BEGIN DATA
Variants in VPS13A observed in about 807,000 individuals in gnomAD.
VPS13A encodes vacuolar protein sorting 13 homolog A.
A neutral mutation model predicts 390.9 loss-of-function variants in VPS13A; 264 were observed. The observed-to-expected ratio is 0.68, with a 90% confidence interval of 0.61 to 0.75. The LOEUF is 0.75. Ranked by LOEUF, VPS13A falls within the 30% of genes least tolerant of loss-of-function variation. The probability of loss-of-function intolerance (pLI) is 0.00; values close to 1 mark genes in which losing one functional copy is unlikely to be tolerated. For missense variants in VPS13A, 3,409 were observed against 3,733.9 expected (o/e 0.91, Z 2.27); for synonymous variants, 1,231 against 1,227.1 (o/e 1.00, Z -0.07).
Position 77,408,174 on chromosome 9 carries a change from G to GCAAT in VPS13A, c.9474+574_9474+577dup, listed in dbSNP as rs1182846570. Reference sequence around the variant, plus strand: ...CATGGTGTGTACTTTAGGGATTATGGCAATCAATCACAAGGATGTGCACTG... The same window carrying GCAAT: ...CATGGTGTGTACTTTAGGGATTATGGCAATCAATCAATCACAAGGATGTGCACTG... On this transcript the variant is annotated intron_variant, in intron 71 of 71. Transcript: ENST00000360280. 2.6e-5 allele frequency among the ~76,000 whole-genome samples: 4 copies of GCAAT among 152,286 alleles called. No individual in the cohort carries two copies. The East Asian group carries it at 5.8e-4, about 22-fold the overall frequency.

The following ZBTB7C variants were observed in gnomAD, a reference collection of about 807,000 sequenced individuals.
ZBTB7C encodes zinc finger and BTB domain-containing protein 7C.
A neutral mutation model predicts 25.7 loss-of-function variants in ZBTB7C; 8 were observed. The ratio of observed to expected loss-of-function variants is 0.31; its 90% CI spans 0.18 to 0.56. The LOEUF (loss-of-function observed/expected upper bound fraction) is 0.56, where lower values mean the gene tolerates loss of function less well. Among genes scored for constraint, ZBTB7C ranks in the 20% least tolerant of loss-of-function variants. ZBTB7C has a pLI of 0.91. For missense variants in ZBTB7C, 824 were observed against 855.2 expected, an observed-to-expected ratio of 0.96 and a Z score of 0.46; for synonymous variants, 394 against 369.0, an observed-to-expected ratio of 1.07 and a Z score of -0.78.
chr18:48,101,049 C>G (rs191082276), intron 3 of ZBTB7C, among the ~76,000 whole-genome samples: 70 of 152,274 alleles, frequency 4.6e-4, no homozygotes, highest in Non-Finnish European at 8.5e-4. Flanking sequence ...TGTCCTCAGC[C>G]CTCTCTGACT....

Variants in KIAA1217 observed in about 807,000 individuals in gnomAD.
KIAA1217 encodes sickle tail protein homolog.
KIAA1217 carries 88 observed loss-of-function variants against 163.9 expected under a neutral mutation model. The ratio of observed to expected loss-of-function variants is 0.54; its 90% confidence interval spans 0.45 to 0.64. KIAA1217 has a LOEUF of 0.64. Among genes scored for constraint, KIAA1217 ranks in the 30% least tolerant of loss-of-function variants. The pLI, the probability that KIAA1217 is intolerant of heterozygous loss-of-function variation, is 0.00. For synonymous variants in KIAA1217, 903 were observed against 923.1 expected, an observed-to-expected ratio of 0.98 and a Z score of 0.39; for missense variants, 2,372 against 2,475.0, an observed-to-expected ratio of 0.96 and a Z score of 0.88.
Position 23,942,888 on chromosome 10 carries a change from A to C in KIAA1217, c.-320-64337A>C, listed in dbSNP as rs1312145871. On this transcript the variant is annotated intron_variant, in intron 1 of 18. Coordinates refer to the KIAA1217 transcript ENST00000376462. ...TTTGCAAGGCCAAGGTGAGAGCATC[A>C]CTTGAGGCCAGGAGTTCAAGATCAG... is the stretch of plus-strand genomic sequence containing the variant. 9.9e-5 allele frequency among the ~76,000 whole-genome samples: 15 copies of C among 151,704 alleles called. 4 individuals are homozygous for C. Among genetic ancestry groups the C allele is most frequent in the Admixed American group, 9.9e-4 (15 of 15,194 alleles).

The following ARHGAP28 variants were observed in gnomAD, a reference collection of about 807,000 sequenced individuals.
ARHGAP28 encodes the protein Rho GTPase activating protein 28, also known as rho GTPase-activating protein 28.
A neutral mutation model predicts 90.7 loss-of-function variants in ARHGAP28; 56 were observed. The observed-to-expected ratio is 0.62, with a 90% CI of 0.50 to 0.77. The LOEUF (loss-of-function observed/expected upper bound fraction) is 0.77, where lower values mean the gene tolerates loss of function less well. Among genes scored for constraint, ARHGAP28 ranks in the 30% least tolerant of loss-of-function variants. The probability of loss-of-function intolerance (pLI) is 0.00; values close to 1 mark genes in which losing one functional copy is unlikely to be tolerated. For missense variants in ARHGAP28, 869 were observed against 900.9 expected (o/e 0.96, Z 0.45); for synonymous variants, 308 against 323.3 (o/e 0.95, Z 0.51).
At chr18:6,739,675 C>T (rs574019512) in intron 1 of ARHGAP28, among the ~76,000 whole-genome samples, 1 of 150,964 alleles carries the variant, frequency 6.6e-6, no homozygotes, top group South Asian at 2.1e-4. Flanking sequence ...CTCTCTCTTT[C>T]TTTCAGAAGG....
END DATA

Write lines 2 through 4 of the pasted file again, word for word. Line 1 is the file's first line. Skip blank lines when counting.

VPS13A encodes vacuolar protein sorting 13 homolog A.
A neutral mutation model predicts 390.9 loss-of-function variants in VPS13A; 264 were observed. The observed-to-expected ratio is 0.68, with a 90% confidence interval of 0.61 to 0.75. The LOEUF is 0.75. Ranked by LOEUF, VPS13A falls within the 30% of genes least tolerant of loss-of-function variation. The probability of loss-of-function intolerance (pLI) is 0.00; values close to 1 mark genes in which losing one functional copy is unlikely to be tolerated. For missense variants in VPS13A, 3,409 were observed against 3,733.9 expected (o/e 0.91, Z 2.27); for synonymous variants, 1,231 against 1,227.1 (o/e 1.00, Z -0.07).
Position 77,408,174 on chromosome 9 carries a change from G to GCAAT in VPS13A, c.9474+574_9474+577dup, listed in dbSNP as rs1182846570. Reference sequence around the variant, plus strand: ...CATGGTGTGTACTTTAGGGATTATGGCAATCAATCACAAGGATGTGCACTG... The same window carrying GCAAT: ...CATGGTGTGTACTTTAGGGATTATGGCAATCAATCAATCACAAGGATGTGCACTG... On this transcript the variant is annotated intron_variant, in intron 71 of 71. Transcript: ENST00000360280. 2.6e-5 allele frequency among the ~76,000 whole-genome samples: 4 copies of GCAAT among 152,286 alleles called. No individual in the cohort carries two copies. The East Asian group carries it at 5.8e-4, about 22-fold the overall frequency.